Daniel Craig is credited as "XXXX" (oh, if only he were the new "XXX"), a "businessman," as he puts it, whose name we never learn. His business just happens to be cocaine. He plays by a strict set of rules - pay connections on time; keep a low profile, etc. And, like every other lowlife with whom we're supposed to sympathize in a gangster film, he's just about to retire. Until his boss, Jimmy Price (Kenneth Cranham) throws him two curveballs that shoot his plans all to hell.

Continue reading: Layer Cake Review

Layer Cake Review


Good
A stylish, dynamic thicket of thorny underworld twistsand deceptions, "Layer Cake" stars Daniel Craig ("Roadto Perdition," "EnduringLove") in a charismatically dodgy performanceas "a businessman whose commodity happens to be cocaine."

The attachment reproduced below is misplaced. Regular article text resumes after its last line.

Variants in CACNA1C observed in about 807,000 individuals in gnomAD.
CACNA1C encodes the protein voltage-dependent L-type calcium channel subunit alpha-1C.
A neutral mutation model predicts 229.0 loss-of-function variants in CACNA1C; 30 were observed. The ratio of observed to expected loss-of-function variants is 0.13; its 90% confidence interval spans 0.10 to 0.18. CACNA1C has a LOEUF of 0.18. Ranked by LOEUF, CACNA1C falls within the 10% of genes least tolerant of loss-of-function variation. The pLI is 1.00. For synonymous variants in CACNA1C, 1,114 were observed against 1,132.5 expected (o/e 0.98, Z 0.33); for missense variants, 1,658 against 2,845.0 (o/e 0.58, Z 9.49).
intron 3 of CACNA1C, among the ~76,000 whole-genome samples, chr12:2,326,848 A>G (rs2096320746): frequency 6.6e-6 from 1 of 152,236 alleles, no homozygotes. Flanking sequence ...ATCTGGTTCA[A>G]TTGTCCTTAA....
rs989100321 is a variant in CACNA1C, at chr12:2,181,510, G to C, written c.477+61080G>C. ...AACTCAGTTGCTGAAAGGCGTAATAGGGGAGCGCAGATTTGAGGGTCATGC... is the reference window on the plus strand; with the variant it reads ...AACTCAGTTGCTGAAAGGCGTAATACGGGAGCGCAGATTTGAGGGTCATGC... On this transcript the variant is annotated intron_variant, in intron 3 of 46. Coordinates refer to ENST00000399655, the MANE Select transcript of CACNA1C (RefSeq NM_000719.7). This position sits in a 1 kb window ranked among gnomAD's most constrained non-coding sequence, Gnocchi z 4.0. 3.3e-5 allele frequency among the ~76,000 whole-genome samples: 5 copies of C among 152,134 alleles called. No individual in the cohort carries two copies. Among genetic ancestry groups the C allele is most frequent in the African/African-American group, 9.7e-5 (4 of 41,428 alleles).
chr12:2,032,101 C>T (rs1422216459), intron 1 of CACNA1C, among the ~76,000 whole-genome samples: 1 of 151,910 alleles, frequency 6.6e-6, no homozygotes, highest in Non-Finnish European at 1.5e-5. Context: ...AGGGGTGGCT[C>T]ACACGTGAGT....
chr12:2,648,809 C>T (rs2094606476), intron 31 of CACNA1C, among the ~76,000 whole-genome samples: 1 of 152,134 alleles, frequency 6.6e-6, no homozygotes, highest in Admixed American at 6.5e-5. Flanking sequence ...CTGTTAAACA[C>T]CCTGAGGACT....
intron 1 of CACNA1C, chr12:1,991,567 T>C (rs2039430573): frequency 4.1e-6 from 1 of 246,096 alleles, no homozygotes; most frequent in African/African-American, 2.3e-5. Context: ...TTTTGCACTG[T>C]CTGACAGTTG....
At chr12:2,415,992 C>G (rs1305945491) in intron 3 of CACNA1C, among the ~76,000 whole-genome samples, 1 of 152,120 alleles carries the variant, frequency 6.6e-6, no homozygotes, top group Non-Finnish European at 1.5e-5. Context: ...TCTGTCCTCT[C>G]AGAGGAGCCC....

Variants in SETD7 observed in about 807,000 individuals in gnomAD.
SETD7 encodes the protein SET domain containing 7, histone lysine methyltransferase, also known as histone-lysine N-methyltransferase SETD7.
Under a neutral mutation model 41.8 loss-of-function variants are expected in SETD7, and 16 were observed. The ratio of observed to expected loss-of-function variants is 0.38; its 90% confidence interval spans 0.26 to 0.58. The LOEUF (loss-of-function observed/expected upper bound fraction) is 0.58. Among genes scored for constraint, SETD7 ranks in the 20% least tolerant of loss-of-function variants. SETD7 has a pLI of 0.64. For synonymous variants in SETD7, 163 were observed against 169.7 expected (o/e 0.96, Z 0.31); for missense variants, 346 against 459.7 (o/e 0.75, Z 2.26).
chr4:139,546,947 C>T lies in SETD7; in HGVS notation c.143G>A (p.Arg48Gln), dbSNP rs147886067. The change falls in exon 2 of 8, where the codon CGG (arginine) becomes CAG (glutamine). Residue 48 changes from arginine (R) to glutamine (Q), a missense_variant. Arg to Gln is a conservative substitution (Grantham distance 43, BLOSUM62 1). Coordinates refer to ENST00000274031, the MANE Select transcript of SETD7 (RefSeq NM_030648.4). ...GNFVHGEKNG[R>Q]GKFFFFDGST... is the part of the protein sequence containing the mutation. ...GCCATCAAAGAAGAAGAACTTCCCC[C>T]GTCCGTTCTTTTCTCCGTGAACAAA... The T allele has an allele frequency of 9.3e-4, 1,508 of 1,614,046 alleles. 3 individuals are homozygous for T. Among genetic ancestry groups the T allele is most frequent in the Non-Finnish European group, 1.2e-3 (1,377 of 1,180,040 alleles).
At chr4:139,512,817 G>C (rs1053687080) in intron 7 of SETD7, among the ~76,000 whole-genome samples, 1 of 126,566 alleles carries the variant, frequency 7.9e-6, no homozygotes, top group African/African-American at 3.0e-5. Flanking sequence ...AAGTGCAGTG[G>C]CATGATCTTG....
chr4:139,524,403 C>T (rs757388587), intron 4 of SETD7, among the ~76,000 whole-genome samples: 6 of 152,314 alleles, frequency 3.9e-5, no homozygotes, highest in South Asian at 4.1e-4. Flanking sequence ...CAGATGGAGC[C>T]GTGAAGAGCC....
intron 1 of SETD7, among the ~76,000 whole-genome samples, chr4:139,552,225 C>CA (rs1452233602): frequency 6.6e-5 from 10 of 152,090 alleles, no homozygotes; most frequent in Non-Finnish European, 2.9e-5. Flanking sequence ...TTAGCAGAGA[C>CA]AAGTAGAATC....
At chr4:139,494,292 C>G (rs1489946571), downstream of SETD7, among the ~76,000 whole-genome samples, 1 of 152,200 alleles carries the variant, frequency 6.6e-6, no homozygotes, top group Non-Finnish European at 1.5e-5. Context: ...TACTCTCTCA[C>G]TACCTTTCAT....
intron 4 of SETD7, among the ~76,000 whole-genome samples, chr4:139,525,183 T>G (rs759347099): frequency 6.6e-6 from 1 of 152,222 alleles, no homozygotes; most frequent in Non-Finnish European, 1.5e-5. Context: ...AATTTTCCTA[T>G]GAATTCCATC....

Beginning with a voice-over that provides cheeky insightinto the savvy it takes to stay ahead in Britain's organized-crime drugtrade, he sets the stage for a story full of unexpected sharp edges thatmake it increasingly unlikely his character will ever reach his statedgoal of early retirement.

"You know why people like you can't leave this business?You make too much money for people like me," says Craig's boss (KennethCranham), an uncouth kingpin who puts on country-club airs as he intimidatesour anonymous hero (whose name is never mentioned) into a job way out ofhis depth -- hunting down an associate's sexy, strung-out missing daughter.

But the girl is barely a jumping-off point for the stimulatinglybyzantine plot of "Layer Cake," in which one stupid mistake byan irresponsibly flashy small-time associate who calls himself "TheDuke" (Jamie Foreman) begins a domino effect of revelations, double-crosses,paybacks and bursts of violence -- all of which come tumbling down on Craig'shead.

Continue reading: Layer Cake Review

VERA DRAKE Review


Very Good

Bustling around drizzly, post-WWII London with a happy, doughy face and gleaming eyes, Vera (Imelda Staunton) works as a floor-scrubber for the wealthy, humming to herself and calling everyone "dear."